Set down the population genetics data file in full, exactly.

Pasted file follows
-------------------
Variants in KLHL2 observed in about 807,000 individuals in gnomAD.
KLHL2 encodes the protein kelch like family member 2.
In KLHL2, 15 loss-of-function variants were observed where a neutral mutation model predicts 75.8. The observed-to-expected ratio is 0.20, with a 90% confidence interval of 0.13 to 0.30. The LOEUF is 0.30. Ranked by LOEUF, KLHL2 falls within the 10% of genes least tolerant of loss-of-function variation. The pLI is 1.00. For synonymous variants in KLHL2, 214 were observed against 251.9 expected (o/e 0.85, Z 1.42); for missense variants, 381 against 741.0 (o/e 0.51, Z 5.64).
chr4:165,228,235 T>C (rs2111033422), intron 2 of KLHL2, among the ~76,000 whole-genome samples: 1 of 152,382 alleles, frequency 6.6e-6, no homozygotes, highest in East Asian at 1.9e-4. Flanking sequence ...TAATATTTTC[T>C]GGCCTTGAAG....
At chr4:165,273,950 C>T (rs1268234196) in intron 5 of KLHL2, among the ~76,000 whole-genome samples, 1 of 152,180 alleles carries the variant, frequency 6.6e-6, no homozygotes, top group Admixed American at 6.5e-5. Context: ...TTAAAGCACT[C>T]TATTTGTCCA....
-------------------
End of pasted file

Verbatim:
Variants in KLHL2 observed in about 807,000 individuals in gnomAD.
KLHL2 encodes the protein kelch like family member 2.
In KLHL2, 15 loss-of-function variants were observed where a neutral mutation model predicts 75.8. The observed-to-expected ratio is 0.20, with a 90% confidence interval of 0.13 to 0.30. The LOEUF is 0.30. Ranked by LOEUF, KLHL2 falls within the 10% of genes least tolerant of loss-of-function variation. The pLI is 1.00. For synonymous variants in KLHL2, 214 were observed against 251.9 expected (o/e 0.85, Z 1.42); for missense variants, 381 against 741.0 (o/e 0.51, Z 5.64).
chr4:165,228,235 T>C (rs2111033422), intron 2 of KLHL2, among the ~76,000 whole-genome samples: 1 of 152,382 alleles, frequency 6.6e-6, no homozygotes, highest in East Asian at 1.9e-4. Flanking sequence ...TAATATTTTC[T>C]GGCCTTGAAG....
At chr4:165,273,950 C>T (rs1268234196) in intron 5 of KLHL2, among the ~76,000 whole-genome samples, 1 of 152,180 alleles carries the variant, frequency 6.6e-6, no homozygotes, top group Admixed American at 6.5e-5. Context: ...TTAAAGCACT[C>T]TATTTGTCCA....